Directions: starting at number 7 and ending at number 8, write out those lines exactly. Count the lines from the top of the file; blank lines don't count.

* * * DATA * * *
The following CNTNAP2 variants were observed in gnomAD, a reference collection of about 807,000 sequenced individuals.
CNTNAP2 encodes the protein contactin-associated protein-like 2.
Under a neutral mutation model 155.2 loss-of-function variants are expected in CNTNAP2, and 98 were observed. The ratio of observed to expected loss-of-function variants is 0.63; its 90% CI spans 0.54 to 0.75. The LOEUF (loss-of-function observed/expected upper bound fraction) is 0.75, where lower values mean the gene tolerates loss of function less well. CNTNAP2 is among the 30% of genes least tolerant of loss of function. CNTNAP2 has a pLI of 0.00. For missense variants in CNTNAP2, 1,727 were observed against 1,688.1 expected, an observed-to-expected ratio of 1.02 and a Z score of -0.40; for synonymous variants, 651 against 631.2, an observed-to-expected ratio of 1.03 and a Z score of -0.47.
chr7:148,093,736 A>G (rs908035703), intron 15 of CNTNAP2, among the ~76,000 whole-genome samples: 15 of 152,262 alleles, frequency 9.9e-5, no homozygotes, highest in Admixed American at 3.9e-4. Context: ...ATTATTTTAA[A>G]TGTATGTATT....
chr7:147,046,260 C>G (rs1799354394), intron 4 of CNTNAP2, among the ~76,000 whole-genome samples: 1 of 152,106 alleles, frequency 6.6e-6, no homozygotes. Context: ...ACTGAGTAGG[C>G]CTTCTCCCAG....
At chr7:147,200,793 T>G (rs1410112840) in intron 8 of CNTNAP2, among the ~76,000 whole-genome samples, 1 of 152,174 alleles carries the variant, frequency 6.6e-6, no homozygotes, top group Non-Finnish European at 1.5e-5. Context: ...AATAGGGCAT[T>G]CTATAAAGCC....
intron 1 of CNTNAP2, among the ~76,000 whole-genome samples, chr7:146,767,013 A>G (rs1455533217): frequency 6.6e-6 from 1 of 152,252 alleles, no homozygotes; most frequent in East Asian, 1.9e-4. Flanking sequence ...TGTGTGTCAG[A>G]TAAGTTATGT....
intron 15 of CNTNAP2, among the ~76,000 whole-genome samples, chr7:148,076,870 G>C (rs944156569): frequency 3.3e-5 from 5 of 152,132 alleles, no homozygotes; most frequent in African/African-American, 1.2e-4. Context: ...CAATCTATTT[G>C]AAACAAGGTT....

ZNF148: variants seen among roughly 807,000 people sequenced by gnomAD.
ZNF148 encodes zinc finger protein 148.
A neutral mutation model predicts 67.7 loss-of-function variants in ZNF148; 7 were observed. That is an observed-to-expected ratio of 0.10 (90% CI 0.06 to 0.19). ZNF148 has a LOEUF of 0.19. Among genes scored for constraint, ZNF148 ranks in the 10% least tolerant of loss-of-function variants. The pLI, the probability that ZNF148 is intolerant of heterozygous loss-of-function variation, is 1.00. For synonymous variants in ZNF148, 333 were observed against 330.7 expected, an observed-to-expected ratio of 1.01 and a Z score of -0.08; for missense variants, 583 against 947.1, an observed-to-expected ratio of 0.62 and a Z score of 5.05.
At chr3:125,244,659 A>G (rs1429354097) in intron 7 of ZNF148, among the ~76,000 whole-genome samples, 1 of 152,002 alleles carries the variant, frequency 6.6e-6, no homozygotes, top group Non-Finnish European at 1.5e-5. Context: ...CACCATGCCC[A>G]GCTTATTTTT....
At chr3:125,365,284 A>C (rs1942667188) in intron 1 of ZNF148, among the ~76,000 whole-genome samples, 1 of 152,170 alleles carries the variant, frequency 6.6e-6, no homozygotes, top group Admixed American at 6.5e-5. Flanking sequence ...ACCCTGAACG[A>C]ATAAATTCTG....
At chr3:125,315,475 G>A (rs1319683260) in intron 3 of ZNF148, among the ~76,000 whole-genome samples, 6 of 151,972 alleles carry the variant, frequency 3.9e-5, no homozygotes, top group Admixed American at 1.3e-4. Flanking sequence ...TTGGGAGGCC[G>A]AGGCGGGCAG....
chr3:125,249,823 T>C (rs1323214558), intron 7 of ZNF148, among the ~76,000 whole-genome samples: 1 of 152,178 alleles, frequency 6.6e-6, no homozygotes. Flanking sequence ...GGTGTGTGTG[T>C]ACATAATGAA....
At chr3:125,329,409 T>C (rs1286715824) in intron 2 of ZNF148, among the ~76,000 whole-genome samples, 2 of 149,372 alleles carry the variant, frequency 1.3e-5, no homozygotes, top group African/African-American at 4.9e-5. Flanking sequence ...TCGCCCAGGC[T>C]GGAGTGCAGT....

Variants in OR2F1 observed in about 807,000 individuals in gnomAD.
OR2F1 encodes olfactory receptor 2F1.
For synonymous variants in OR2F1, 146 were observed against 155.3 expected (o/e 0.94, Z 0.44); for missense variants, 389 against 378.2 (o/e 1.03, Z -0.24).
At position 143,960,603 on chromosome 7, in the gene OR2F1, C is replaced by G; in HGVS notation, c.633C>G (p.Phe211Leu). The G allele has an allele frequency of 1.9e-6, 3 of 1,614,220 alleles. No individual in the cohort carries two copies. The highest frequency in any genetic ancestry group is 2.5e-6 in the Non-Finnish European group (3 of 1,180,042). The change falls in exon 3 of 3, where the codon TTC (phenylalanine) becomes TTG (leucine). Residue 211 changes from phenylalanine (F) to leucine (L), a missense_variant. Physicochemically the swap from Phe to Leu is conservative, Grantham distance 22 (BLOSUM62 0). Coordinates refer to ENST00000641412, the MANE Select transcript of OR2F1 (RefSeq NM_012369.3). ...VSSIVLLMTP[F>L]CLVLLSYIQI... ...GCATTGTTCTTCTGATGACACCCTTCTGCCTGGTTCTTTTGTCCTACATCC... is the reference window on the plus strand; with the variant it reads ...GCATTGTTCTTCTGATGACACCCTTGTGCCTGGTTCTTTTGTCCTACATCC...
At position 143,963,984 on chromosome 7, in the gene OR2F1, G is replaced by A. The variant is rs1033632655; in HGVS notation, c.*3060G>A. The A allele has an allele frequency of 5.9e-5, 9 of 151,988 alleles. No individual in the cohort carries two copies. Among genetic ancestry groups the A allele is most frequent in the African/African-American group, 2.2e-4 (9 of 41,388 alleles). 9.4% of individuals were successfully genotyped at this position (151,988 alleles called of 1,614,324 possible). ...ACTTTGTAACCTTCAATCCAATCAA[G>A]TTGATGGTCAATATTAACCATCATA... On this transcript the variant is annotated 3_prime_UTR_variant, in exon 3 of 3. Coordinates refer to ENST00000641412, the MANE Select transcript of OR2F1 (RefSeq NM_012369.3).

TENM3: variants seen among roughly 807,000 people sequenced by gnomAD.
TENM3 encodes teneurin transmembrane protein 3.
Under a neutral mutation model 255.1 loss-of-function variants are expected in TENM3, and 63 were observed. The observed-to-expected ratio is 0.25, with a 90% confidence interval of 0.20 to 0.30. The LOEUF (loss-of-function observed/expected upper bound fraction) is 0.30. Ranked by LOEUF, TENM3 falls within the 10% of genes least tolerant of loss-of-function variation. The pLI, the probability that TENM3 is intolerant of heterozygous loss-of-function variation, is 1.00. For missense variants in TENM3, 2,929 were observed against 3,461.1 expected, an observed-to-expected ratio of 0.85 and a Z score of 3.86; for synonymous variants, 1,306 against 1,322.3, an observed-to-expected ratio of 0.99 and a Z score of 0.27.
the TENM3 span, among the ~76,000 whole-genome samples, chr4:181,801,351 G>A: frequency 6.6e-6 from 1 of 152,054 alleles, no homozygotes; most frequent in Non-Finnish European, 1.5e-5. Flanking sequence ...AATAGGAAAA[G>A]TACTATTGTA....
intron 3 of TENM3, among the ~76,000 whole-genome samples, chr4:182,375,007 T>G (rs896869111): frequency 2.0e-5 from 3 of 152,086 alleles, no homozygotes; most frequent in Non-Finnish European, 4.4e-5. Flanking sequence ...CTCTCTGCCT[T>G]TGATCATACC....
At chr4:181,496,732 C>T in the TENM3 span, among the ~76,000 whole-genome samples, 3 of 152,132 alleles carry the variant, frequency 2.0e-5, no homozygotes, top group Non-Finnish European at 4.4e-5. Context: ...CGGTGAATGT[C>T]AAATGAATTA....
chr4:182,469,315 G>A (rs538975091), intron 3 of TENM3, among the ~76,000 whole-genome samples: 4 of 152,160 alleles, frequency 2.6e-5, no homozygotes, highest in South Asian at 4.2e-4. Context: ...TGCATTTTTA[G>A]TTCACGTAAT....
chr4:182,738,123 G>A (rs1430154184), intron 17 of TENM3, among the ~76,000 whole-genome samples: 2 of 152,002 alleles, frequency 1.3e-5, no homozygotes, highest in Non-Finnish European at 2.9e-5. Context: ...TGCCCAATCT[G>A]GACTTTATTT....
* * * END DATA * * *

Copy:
intron 1 of CNTNAP2, among the ~76,000 whole-genome samples, chr7:146,767,013 A>G (rs1455533217): frequency 6.6e-6 from 1 of 152,252 alleles, no homozygotes; most frequent in East Asian, 1.9e-4. Flanking sequence ...TGTGTGTCAG[A>G]TAAGTTATGT....
intron 15 of CNTNAP2, among the ~76,000 whole-genome samples, chr7:148,076,870 G>C (rs944156569): frequency 3.3e-5 from 5 of 152,132 alleles, no homozygotes; most frequent in African/African-American, 1.2e-4. Context: ...CAATCTATTT[G>C]AAACAAGGTT....